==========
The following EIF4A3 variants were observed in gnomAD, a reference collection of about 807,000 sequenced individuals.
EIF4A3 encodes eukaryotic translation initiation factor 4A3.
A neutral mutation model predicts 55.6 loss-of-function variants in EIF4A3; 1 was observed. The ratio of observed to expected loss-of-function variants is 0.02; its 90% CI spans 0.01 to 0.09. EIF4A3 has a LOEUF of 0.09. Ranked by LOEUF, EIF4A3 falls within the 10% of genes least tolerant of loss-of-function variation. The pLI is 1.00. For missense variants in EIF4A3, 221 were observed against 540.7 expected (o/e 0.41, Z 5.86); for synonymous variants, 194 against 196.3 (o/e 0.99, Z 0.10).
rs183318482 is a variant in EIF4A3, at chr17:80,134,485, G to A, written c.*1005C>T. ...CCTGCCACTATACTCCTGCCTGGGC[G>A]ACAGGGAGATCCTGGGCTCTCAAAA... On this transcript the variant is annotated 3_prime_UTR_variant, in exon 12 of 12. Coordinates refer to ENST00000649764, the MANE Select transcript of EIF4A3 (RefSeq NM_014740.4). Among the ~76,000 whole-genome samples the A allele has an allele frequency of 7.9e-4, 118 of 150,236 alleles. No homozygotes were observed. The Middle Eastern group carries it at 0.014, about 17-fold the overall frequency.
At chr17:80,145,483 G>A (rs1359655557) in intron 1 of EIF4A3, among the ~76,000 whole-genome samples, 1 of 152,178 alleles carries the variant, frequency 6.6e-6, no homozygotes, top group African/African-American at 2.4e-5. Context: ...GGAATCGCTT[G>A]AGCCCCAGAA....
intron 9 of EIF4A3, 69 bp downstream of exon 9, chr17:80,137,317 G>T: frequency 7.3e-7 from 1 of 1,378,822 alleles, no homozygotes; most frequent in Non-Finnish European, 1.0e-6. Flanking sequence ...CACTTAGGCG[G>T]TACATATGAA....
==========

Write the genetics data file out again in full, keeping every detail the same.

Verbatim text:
The following EIF4A3 variants were observed in gnomAD, a reference collection of about 807,000 sequenced individuals.
EIF4A3 encodes eukaryotic translation initiation factor 4A3.
A neutral mutation model predicts 55.6 loss-of-function variants in EIF4A3; 1 was observed. The ratio of observed to expected loss-of-function variants is 0.02; its 90% CI spans 0.01 to 0.09. EIF4A3 has a LOEUF of 0.09. Ranked by LOEUF, EIF4A3 falls within the 10% of genes least tolerant of loss-of-function variation. The pLI is 1.00. For missense variants in EIF4A3, 221 were observed against 540.7 expected (o/e 0.41, Z 5.86); for synonymous variants, 194 against 196.3 (o/e 0.99, Z 0.10).
rs183318482 is a variant in EIF4A3, at chr17:80,134,485, G to A, written c.*1005C>T. ...CCTGCCACTATACTCCTGCCTGGGC[G>A]ACAGGGAGATCCTGGGCTCTCAAAA... On this transcript the variant is annotated 3_prime_UTR_variant, in exon 12 of 12. Coordinates refer to ENST00000649764, the MANE Select transcript of EIF4A3 (RefSeq NM_014740.4). Among the ~76,000 whole-genome samples the A allele has an allele frequency of 7.9e-4, 118 of 150,236 alleles. No homozygotes were observed. The Middle Eastern group carries it at 0.014, about 17-fold the overall frequency.
At chr17:80,145,483 G>A (rs1359655557) in intron 1 of EIF4A3, among the ~76,000 whole-genome samples, 1 of 152,178 alleles carries the variant, frequency 6.6e-6, no homozygotes, top group African/African-American at 2.4e-5. Context: ...GGAATCGCTT[G>A]AGCCCCAGAA....
intron 9 of EIF4A3, 69 bp downstream of exon 9, chr17:80,137,317 G>T: frequency 7.3e-7 from 1 of 1,378,822 alleles, no homozygotes; most frequent in Non-Finnish European, 1.0e-6. Flanking sequence ...CACTTAGGCG[G>T]TACATATGAA....